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The Killing Fields (Roland Joffé, 1984)

An American journalist witnesses the atrocities of the Khmer Rouge hostile regime first hand in Cambodia.
The story is gripping and interesting. It switches point of view from Schanberg's more detached perspective to Dith Pran's spectacular flight from Cambodia into a refugee camp. The film is so densely packed with atmosphere and many details that I couldn't look away for the two and a half hours. The ending is touching and doesn't feel over the top at all. I believed all the horrible events Dith Pran had to live through. (There is a brilliant young John Malkovich, too)
It is also a film about Western ignorance and without being moralistic about it, the film makes a very clear point. We just don't care, after all. Even when we pretend we do.
The cinematography was stunning, so was the editing. I decided to look at the first battle scene around minute 27. The Khmer are attacking and Schanberg has wants to document this for his newspaper. They arrive on site in an old hangar - ironically filled with crates of Coca-Cola bottles. I am quite amazed about how economically this was shot and edited. The master shot is a tracking shot (called H) which in its entirety lasts close to 45 seconds!

SET: Inside the depot

A soldier is cooking something over a fire.
Fixed camera, long lens. (3s)

Two soldiers carry a dead dog on a stick into the hut. The jeep with Shanberg passes them.
PAN and track. The set is established clearly. (13s)

They get out of the car. The American soldier greets the local army staff.
Tracking shot, we follow the american soldier. Dinh is in the back. (12s)

Dinh and Shanberg watch.
Fixed reaction shot, with focus shift onto Shanberg. (4s)

Asoldier and local commander exchange.
Fixed, Long lens, silhouette. (4s)

Dinh and Shanberg follow the soldiers to the map table
Tracking shot. (8s)
F (very similar to C but the tracking has changed)

Other soldiers bring a dead dog on a stick and lower him to the ground.
Fixed long lens (5s)

Al looks at the wounded between the Cola Crates. An explosion
PAN follows Al as he climbs around – until the explosion (11s)

The soldiers at the table react.
Camera is lower than before. (2s)

An explosion behind the Coke crates. Dust falls from the ceiling, covering the image.
Fixed camera (4s)

Al looks at the explosion runs away and takes pictures. Soldiers rush into the dust. An American soldier helps carry out the wounded.
PAN on Al continues until he passes an American soldier – camera follows him back to the site of the explosion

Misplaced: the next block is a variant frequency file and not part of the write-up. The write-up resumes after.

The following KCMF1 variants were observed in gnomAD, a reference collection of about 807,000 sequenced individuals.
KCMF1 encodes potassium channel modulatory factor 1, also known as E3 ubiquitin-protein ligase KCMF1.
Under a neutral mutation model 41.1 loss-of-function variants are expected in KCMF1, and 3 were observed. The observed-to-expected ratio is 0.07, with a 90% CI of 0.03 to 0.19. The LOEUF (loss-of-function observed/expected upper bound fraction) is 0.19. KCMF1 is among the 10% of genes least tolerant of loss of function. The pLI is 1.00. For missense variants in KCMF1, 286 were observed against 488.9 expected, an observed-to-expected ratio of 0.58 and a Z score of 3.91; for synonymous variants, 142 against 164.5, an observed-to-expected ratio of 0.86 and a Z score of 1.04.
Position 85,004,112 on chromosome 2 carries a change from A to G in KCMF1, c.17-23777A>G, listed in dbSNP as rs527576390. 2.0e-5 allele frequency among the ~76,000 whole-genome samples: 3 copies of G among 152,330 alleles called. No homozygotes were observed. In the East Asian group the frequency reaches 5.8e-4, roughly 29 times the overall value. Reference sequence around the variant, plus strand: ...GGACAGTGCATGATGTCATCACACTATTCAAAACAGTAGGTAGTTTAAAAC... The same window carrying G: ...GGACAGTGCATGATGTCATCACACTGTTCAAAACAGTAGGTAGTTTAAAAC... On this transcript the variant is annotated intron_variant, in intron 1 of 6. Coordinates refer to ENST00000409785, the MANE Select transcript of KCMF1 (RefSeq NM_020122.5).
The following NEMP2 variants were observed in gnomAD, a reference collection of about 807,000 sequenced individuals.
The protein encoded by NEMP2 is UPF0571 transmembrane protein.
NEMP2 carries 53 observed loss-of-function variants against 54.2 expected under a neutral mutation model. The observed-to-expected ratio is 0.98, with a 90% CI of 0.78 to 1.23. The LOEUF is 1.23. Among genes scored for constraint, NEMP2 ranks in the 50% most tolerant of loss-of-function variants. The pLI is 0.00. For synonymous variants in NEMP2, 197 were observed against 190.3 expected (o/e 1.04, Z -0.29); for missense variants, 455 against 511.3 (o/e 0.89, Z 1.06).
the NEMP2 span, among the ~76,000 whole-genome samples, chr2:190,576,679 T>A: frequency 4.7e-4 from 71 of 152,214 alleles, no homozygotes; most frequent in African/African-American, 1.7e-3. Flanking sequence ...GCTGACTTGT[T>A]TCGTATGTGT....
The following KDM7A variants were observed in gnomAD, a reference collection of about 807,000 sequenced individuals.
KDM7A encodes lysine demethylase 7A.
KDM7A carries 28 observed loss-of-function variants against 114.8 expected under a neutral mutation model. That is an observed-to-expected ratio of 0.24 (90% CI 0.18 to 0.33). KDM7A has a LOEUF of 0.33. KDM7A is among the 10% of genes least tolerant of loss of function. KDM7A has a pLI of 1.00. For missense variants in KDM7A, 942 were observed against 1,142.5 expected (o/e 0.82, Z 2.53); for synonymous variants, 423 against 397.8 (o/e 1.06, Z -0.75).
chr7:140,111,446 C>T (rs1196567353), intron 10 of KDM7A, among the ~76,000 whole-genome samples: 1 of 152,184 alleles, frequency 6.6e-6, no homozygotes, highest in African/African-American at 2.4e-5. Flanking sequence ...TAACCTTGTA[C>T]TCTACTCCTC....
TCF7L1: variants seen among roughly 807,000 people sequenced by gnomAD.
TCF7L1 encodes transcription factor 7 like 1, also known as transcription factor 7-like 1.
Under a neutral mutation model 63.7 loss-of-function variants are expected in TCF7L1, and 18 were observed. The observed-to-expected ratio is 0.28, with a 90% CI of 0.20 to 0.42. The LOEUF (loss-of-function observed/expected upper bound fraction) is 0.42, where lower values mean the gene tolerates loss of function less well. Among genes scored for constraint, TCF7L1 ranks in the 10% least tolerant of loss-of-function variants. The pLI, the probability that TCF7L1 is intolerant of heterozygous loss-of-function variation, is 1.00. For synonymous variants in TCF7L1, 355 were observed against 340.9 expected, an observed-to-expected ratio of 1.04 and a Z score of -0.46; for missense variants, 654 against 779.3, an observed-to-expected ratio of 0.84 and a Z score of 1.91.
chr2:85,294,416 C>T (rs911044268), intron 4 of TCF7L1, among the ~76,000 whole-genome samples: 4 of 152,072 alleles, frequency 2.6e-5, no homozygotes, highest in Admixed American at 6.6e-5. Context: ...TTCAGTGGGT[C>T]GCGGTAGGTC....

(slight tracking at the end) (20s!)
H (Cut back to)

People rushing past the camera, a covered body in the bg on a stretcher
Long lens (4s)
K (same position as H but fixed and long lens)

More soldiers are carrying out people
PAN follows soldiers as they run out of the hut (7s)
H (Cut back to)


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They drive by night (Walsh, 1940) #DTC #161

Two truck-driving brothers dream of a better future and financial independence in a sea of good and bad fortune.

Although the film has all the ingredients of a film noir, like the selfish femme fatale, Bogart, and many night scenes, this is something you could consider a feel-good movie. It pretty much surprised me with its turns and twists and I also wasn't prepared in the least to see Bogart as the sidekick, instead of the lead.

In terms of interesting characters, Ida Lupino as the selfish wife that tries to seduce George Raft's Joe she is definitively at the most intense when she slowly sheds all the layers of sanity towards the end. Although her motives are a bit unclear - the amazing thing about her behavior is that she values love over money. In that perspective the movie feels like a tragedy, as (except for the loan shark) everybody has comparatively sophisticated understanding of emotion and life.

Au revoir les enfants (Louis Malle, 1987)

During second world war the monk running a boarding school for upper-class kids hides Jewish kids.

This highly personal movie is very touching and manages to avoid all the pitfalls of being overly emotional. Music and editing are very subdued and carefully used to underline situations. This makes the story ring true (which it was) and gives the viewer good time to settle into the universe that these kids live in.

There are many quite complicated scenes and I was interested in one particular: When Jean gets invited on parent's day by the mother of his new best friend into a posh restaurant. In that very restaurant there are Nazis at one side of the room and an elderly Jew sitting on the other side. The table of the family is right inbetween. Many things about France during the war are told during this scene, I'll just try and focus on camera placement.

The focus shifts twice in the scene: From the family table to the French Jew's table  (who I have been told wears the red …

Glory (1989, Edward Zwick)

A young commander in the civil war is asked to recruit and lead the first all-black Confederate battalion into the Civil War.

I am not too interested in details of the American Civil War but the film managed to stir my interest in some ways. I might want to look up the difference in treatment of the many Chinese laborers that were employed in the development of the West and what kind of legacy this particular group of people has to suffer from in contrast to the better-known fate of African-Americans.

There are some interesting scenes in the film. I decide to examine the battle scene in the beginning. It introduces Broderick's character as a naive and brave but inexperienced soldier - a great choice of casting, especially in contrast to the hardened appearance of Washington. According to imdb footage was used from re-enactment groups and intercut with the staged film.

Before the battle scene commences Broderick walks in row of soldiers and talks over the pictures of the gathering…